Factories in Italy have been experiencing a downward trend for six consecutive months, highlighting a persistent decline in the country’s manufacturing sector, according to a survey by S&P Global, cited by Bloomberg. The survey measured an index based on responses from purchasing managers, which stood at 46.8 in September compared to 45.4 in August, indicating a contraction as it remains below the mark of 50.
The Italian industry, particularly manufacturing, has been grappling with challenges in recent months due to a decrease in new orders as global demand weakened. This has led to a deep industrial recession from which there seems to be no immediate escape. Tariq Kamal Chaudhry, an economist at Hamburg Commercial Bank, stated, “The Italian industrial economy appears to be trapped in a deep recession with no clear way out. New orders, both domestic and international, are shrinking, and even expectations for future output have fallen well below their long-term average.”
Although the survey suggested a slight increase in factory employment, it primarily highlighted the scarcity of skilled workers. This is in contrast to the previous report by S&P, which stated that Italian factories had started laying off staff due to a more profound contraction in industrial production.
Economists anticipate that the manufacturing recession, which began in Italy – the Eurozone’s third-largest economy – in the middle of last year, will continue. The manufacturing sector accounts for approximately 16% of Italy’s output, and its current weakness continues to weigh on the overall economy, pushing it further into contraction.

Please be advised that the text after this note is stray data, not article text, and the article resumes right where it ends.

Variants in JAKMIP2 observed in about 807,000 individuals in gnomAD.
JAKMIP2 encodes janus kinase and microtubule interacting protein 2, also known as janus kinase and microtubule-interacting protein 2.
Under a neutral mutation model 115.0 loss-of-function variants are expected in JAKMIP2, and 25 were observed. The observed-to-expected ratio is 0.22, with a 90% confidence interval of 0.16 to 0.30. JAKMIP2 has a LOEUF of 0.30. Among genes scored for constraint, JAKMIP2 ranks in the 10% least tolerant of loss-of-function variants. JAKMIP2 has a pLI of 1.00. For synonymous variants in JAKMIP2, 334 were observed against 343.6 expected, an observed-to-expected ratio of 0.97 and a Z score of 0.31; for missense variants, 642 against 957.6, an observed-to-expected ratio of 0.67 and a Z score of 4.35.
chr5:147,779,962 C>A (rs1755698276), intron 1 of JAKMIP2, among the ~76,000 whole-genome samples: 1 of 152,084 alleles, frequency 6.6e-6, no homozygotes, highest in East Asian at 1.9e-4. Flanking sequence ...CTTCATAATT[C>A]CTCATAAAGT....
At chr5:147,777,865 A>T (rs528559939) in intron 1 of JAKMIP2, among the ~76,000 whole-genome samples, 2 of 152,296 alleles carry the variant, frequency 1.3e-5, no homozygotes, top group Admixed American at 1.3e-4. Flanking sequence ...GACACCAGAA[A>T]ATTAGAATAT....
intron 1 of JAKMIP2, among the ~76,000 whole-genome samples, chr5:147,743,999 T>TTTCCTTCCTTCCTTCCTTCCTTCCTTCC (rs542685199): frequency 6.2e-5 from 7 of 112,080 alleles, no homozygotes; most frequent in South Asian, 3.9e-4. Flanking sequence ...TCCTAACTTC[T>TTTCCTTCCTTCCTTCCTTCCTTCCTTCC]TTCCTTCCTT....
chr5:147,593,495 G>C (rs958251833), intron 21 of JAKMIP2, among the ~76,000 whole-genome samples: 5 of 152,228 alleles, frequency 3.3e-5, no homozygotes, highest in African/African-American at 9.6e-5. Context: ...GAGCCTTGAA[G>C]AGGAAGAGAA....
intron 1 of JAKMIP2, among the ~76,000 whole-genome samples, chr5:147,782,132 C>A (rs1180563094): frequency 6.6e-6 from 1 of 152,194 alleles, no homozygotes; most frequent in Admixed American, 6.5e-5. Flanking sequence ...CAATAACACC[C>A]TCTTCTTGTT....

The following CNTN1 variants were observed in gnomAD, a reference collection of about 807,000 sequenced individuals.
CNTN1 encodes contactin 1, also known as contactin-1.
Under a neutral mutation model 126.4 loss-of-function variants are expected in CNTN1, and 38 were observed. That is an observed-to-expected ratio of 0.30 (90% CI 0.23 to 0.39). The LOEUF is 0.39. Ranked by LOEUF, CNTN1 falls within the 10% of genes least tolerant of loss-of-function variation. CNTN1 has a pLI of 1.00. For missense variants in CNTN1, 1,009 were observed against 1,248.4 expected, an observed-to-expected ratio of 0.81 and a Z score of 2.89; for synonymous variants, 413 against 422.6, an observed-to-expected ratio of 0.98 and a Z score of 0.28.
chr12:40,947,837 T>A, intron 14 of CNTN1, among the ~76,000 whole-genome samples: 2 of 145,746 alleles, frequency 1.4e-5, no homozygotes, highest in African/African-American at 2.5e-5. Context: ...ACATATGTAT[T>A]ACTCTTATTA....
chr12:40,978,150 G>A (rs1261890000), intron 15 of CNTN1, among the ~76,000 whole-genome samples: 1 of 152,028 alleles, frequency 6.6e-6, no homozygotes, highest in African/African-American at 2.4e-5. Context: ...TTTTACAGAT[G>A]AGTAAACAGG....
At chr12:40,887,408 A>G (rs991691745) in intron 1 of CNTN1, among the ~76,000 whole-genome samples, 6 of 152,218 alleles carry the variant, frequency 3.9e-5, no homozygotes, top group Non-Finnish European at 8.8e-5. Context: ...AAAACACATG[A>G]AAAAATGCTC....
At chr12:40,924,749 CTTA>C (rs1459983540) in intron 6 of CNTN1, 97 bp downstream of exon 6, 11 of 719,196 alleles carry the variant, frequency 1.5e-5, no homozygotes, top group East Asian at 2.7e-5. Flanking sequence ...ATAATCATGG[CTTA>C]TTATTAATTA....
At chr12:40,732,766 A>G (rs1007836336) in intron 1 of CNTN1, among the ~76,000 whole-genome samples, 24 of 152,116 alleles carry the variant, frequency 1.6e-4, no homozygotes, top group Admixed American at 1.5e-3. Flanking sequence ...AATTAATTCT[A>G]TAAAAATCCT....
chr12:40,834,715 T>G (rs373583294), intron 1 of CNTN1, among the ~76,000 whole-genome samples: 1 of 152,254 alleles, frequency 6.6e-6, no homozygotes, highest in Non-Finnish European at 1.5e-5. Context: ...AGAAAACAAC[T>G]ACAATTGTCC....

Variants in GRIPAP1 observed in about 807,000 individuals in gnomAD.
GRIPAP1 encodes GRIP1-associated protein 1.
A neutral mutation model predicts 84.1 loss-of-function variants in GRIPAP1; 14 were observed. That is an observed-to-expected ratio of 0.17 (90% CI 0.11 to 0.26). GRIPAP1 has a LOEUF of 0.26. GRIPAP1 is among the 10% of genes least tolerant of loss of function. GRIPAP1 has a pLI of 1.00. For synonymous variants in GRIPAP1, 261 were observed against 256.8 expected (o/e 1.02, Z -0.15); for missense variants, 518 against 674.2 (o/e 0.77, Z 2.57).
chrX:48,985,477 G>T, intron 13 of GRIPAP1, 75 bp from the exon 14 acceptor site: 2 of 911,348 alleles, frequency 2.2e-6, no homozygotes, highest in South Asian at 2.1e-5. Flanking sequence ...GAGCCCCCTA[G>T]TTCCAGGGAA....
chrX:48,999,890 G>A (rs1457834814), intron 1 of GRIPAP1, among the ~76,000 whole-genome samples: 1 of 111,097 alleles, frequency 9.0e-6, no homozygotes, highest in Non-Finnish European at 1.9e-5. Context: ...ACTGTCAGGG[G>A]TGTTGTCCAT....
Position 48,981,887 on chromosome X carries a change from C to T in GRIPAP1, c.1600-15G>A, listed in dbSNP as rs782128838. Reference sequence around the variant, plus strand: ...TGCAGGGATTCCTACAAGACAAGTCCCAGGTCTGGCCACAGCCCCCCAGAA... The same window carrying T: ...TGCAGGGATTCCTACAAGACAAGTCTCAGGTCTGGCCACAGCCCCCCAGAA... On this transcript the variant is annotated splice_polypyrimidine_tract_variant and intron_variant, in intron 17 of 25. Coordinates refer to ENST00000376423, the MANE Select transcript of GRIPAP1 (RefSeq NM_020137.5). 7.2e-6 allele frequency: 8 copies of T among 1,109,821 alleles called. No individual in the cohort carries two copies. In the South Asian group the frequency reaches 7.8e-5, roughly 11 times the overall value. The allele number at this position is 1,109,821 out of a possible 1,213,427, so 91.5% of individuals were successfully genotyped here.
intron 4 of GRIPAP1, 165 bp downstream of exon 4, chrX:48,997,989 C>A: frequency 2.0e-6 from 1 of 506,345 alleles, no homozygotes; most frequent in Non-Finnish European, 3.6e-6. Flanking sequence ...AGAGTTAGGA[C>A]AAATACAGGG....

Recent estimates revealed that the country’s economy contracted by 0.4% in the second quarter of this year. Although this figure surpassed the predicted 0.3% contraction, it still signifies a worrisome trend for Italy’s economic performance.
Italy’s manufacturing sector’s struggles have broader implications for its economy as a whole. The ongoing decline underscores the need for comprehensive efforts to revitalize the sector and stimulate economic growth. As manufacturing plays a significant role in Italy’s output, any sustained weakness in this sector can have far-reaching consequences.
In conclusion, Italy’s manufacturing sector has been experiencing a prolonged contraction, evident in the latest survey by S&P Global. The decline, which has persisted for six consecutive months, is a reflection of the country’s deep industrial recession. Challenges such as a lack of new orders and weakening global demand have contributed to this downturn. Additionally, the shortage of skilled workers poses a further obstacle to the recovery of the manufacturing sector. The implications of this decline extend beyond manufacturing, with the overall economy being dragged into further contraction. Urgent measures are needed to address these challenges and revitalise Italy’s manufacturing sector to drive economic growth.